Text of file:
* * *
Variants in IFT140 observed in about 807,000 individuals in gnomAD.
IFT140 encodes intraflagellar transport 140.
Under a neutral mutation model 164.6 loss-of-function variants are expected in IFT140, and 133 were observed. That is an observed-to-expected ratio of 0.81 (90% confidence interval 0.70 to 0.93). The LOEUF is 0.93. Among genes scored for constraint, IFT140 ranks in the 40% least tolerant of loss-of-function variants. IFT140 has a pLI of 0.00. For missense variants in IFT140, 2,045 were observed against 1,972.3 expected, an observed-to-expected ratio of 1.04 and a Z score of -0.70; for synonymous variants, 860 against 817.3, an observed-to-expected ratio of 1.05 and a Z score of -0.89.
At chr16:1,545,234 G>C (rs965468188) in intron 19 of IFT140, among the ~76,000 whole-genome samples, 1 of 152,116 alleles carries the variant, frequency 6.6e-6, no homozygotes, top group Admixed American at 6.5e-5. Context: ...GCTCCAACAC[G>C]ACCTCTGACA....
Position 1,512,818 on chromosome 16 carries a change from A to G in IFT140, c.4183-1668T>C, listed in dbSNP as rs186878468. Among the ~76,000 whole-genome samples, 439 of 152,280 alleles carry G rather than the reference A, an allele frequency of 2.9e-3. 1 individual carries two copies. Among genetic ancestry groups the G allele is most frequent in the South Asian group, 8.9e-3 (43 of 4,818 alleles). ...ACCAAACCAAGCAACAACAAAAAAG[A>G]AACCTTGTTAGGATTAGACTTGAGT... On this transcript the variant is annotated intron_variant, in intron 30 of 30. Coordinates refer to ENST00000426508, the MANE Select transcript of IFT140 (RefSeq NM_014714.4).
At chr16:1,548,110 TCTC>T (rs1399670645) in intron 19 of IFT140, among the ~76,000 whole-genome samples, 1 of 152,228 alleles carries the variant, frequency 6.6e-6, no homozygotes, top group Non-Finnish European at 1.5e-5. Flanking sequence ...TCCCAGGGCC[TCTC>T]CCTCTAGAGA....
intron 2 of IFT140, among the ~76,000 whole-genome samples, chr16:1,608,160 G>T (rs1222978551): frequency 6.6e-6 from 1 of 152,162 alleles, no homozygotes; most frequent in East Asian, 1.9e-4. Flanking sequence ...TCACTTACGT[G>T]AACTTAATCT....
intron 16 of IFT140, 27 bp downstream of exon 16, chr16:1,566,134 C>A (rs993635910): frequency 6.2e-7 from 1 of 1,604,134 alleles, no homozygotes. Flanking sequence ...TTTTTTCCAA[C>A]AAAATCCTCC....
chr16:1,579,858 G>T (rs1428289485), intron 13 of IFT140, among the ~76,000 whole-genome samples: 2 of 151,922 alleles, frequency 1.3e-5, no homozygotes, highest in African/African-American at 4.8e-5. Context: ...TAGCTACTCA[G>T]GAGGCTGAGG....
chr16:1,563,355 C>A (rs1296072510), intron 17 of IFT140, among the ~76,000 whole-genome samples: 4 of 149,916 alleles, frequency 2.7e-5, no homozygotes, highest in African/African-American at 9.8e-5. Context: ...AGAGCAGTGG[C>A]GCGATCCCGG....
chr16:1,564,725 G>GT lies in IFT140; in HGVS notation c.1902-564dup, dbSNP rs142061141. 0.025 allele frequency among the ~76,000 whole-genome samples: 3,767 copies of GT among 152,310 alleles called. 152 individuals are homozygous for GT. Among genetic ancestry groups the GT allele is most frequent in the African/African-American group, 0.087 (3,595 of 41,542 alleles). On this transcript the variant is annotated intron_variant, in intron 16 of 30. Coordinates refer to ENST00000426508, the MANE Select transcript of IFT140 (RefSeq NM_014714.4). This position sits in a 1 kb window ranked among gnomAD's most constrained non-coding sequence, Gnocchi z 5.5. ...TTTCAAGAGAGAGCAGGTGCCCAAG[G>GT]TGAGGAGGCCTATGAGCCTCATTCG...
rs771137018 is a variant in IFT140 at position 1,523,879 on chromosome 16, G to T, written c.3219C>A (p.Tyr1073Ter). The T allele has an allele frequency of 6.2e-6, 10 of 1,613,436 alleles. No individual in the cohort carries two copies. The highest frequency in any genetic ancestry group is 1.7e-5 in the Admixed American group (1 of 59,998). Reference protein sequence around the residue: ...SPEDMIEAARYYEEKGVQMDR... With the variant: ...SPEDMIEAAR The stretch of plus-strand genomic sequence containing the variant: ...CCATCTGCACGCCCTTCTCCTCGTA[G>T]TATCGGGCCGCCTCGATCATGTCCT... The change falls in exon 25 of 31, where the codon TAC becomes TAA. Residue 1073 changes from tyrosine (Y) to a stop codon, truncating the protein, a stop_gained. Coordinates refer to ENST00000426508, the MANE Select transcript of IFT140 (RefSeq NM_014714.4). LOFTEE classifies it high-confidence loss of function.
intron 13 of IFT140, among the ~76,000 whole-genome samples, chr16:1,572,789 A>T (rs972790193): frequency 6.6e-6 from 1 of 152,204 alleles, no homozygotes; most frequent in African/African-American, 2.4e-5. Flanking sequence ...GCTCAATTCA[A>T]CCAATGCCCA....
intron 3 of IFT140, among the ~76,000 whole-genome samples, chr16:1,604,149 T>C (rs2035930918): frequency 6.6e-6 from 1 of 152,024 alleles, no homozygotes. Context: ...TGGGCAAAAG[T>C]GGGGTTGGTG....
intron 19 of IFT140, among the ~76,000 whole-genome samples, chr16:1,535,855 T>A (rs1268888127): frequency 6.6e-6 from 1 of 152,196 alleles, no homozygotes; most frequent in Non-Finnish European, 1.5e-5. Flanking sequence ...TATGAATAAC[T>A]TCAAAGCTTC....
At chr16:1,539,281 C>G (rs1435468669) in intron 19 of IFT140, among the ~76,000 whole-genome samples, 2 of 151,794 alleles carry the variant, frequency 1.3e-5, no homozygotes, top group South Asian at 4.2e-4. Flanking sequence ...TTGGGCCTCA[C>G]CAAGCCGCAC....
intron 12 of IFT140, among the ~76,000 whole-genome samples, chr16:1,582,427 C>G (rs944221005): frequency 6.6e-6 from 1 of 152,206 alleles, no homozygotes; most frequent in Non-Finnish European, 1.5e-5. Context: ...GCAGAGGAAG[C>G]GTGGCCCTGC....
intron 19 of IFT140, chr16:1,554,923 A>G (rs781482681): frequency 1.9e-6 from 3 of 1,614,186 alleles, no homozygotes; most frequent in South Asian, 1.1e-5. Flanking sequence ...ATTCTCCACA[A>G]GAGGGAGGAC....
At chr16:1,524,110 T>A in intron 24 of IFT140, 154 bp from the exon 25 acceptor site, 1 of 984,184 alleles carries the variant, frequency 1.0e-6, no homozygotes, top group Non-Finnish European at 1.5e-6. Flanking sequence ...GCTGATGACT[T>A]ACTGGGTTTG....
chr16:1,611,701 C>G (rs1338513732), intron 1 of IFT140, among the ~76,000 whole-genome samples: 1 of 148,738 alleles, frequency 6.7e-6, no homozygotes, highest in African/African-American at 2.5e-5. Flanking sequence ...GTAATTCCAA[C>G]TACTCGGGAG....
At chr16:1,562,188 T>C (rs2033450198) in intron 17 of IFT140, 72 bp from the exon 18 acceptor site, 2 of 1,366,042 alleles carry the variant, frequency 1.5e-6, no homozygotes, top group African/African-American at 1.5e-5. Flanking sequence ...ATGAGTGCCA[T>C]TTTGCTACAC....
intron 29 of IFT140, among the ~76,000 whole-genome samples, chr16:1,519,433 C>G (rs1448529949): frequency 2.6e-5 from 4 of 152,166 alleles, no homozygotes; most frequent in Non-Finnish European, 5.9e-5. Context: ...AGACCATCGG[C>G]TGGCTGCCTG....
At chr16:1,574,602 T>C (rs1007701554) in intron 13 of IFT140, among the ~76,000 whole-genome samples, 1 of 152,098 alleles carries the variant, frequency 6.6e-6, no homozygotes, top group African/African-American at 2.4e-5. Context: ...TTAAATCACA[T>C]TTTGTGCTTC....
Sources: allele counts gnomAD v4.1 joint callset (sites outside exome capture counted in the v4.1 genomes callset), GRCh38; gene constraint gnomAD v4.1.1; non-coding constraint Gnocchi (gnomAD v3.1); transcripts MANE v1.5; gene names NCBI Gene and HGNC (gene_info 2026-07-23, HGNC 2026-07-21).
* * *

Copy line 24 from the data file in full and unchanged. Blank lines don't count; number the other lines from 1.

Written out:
Sources: allele counts gnomAD v4.1 joint callset (sites outside exome capture counted in the v4.1 genomes callset), GRCh38; gene constraint gnomAD v4.1.1; non-coding constraint Gnocchi (gnomAD v3.1); transcripts MANE v1.5; gene names NCBI Gene and HGNC (gene_info 2026-07-23, HGNC 2026-07-21).